• The corresponding NCI-CTCAE v4.03 definition for grade 2 acneiform rash reads: Papules and/or Pustules covering 10-30% BSA, which may or may not be associated with symptoms of Pruritus or tenderness; associated with psychosocial impact; limiting instrumental activities of daily living (ADL: refers to preparing meals, shopping for groceries or clothes, using the telephone, managing money etc.). The example shown demonstrates how the rash in this patient could be perceived to be grade 1 rash according to NCI-CTCAE V4.03 criteria based on the extent of the rash on the face; however, the extent of the rash on the whole body needs to be considered which in this example warrants allocation of a grade 2 rash.
  • The MESTT definition of grade 2A papulopustular rash reads: Papules or pustules 6-20; OR more than 1 area of erythema or oedema <1cm in size; AND no pain, pruritus, effect on emotions or functioning.
  • The MESTT definition of grade 2B papulopustular rash reads: Papules or pustules 6-20; OR more than 1 area of erythema or oedema <1cm in size; AND pain, pruritus, effect on emotions or functioning.

Grade 3/4 (Severe) Rash

  • The NCI-CTCAE v4.03 definition for grade 3 acneiform rash reads: Papules and/or Pustules covering >30% BSA, which may or may not be associated with symptoms of Pruritus or tenderness; limiting self-care ADL (refers to bathing, dressing and undressing, feeding self, using the toilet, taking medications, and not confined to bed); associated with local superinfection with oral antibiotics indicated.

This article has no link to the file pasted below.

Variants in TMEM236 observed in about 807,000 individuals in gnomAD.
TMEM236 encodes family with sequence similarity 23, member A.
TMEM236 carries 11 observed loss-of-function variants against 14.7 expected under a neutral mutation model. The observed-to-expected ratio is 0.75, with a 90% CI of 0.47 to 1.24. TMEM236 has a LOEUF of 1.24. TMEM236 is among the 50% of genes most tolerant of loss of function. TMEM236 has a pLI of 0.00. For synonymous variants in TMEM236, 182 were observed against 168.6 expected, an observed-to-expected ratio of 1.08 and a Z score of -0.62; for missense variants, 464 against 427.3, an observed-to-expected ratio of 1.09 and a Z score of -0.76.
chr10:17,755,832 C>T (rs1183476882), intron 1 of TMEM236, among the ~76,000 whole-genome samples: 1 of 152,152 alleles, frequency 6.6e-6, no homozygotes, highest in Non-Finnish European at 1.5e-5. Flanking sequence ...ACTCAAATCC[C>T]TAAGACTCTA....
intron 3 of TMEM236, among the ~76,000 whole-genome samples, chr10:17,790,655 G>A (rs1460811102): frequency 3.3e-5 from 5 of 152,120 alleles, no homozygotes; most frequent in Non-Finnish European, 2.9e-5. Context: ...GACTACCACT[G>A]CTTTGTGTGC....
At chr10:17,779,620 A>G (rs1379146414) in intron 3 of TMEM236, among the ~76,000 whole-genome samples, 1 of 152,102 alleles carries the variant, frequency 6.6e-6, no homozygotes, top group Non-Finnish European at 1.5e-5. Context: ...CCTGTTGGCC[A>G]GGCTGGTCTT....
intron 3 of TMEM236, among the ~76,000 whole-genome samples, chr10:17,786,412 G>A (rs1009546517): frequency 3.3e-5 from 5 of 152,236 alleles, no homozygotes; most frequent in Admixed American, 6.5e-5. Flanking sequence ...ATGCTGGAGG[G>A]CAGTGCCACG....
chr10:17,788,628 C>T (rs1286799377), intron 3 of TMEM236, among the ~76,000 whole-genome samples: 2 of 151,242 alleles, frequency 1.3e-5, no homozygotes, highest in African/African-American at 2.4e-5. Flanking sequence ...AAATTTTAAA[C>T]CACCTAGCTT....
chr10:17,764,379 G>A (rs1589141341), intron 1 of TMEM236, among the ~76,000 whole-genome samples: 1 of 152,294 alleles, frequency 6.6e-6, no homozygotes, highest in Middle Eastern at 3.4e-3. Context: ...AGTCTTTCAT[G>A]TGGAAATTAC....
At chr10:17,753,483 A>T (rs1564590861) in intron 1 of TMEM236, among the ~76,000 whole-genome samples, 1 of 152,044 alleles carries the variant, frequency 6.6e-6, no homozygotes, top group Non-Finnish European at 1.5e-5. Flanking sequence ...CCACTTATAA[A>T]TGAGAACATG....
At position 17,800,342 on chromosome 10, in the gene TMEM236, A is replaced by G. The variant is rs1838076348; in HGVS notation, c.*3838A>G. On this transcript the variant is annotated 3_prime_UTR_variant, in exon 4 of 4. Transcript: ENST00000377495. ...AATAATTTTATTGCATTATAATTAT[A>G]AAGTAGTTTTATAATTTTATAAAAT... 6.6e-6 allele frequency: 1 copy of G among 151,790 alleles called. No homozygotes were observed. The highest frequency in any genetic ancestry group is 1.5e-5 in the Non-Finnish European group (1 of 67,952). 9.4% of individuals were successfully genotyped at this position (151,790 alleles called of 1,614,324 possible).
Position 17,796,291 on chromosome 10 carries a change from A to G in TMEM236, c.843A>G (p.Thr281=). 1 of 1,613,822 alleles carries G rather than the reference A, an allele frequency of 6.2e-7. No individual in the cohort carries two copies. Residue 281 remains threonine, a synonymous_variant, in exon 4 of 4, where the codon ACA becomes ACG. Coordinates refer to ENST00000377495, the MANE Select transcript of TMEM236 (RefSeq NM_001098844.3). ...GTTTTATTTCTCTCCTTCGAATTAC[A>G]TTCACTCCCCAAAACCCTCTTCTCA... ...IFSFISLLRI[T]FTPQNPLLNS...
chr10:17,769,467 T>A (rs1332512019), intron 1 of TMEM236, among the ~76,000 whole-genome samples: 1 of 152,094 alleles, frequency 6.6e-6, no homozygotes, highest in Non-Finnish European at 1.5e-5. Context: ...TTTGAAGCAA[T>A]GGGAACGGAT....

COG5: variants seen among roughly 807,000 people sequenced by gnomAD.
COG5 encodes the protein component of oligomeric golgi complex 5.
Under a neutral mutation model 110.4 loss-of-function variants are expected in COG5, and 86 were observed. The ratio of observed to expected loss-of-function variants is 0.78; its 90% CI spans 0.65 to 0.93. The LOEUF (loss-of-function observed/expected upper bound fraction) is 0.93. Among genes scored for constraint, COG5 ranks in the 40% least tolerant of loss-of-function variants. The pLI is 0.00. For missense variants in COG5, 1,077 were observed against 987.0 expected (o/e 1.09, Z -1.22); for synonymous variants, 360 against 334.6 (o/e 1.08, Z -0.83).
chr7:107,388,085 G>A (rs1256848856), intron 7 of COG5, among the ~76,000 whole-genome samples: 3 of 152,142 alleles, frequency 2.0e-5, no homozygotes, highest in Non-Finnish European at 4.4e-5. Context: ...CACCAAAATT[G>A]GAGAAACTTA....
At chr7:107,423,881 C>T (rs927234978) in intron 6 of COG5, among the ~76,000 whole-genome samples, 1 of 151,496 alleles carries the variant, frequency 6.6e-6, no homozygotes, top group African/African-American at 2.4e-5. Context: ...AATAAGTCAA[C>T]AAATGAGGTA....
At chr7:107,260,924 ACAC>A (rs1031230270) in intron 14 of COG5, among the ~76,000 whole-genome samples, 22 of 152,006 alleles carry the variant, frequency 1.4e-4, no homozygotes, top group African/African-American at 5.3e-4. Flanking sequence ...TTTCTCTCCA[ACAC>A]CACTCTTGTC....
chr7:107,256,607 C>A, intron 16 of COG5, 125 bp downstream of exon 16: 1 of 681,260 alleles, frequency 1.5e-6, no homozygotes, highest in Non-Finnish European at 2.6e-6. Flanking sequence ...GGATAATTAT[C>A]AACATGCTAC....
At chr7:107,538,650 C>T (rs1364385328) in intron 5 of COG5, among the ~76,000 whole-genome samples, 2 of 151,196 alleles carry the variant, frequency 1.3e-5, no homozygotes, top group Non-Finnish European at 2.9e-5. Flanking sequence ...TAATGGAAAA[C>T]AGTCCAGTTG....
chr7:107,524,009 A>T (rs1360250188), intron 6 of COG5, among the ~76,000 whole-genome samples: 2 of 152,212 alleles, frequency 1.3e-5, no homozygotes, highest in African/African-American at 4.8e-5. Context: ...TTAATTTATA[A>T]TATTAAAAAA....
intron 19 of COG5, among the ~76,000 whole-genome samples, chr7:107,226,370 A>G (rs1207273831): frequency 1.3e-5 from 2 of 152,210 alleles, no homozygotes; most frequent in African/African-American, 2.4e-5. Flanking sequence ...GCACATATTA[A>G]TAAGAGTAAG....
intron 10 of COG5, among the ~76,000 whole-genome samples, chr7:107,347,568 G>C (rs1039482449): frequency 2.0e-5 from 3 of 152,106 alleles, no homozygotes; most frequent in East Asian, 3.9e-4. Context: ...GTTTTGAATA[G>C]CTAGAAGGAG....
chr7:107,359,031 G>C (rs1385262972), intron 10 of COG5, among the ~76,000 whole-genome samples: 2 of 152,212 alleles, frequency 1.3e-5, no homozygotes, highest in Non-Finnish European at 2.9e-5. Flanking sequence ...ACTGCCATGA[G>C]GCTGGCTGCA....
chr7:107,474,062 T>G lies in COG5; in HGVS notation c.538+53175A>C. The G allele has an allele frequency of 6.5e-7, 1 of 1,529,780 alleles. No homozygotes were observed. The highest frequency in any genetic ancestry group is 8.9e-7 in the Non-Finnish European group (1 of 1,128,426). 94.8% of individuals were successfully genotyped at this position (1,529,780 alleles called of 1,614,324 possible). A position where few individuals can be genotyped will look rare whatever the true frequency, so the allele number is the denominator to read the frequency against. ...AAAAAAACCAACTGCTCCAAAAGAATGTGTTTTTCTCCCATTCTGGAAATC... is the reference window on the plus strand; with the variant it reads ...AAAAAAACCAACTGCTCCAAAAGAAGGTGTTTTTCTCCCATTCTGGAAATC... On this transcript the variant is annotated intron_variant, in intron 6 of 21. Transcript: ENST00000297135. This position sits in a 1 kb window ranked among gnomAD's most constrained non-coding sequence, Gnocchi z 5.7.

• The MESTT definition of grade 3A papulopustular rash reads: Papules or pustules >30; OR more than 5 areas of erythema or oedema <1cm in size; AND no pain, pruritus, effect on emotions or functioning.
  • The MESTT definition of grade 3B papulopustular rash reads: Papules or pustules >30; OR more than 5 areas of erythema or oedema <1cm in size; AND pain, pruritus, effect on emotions or functioning; papules or pustules extending beyond head, chest or back.
  • The NCI-CTCAE v4.03 definition for the extremely rare grade 4 acneiform rash reads: Papules and/or Pustules covering any % BSA, which may or may not be associated with symptoms of Pruritus or tenderness and are associated with extensive superinfection with intravenous (i.v.) antibiotics indicated; life-threatening consequences.

Papulopustular Rash by grade

References

1Widakowich C. Review: side effects of approved molecular targeted therapies in solid cancers. Oncologist. 2007;12;1443-1455.
2Lacouture ME. Clinical practice guidelines for the prevention and treatment of EGFR inhibitor-associated dermatologic toxicities. Support Care Cancer. 2011;19:1079–1095.
3Segaert S, et al. Skin toxicities of targeted therapies. Eur J Cancer. 2009;45:295-308.
4European Medicines Agency. Caprelsa® (vandetanib) Summary of Product Characteristics 2014.
5Food and Drug Administration. Caprelsa® (vandetanib) Prescribing Information 2014.
6National Cancer Institute Cancer Therapy Evaluation Program. Common Terminology Criteria for Adverse Events and Common Toxicity Criteria [v4.03]. 15-12-2010. Date accessed 22 August 2014.
7Multinational Association of Supportive Care in Cancer (MASCC) EGFR Inhibitor Skin Toxicity Tool (MESTT) (accessed 22 August 2014)

Last update: 22 August 2014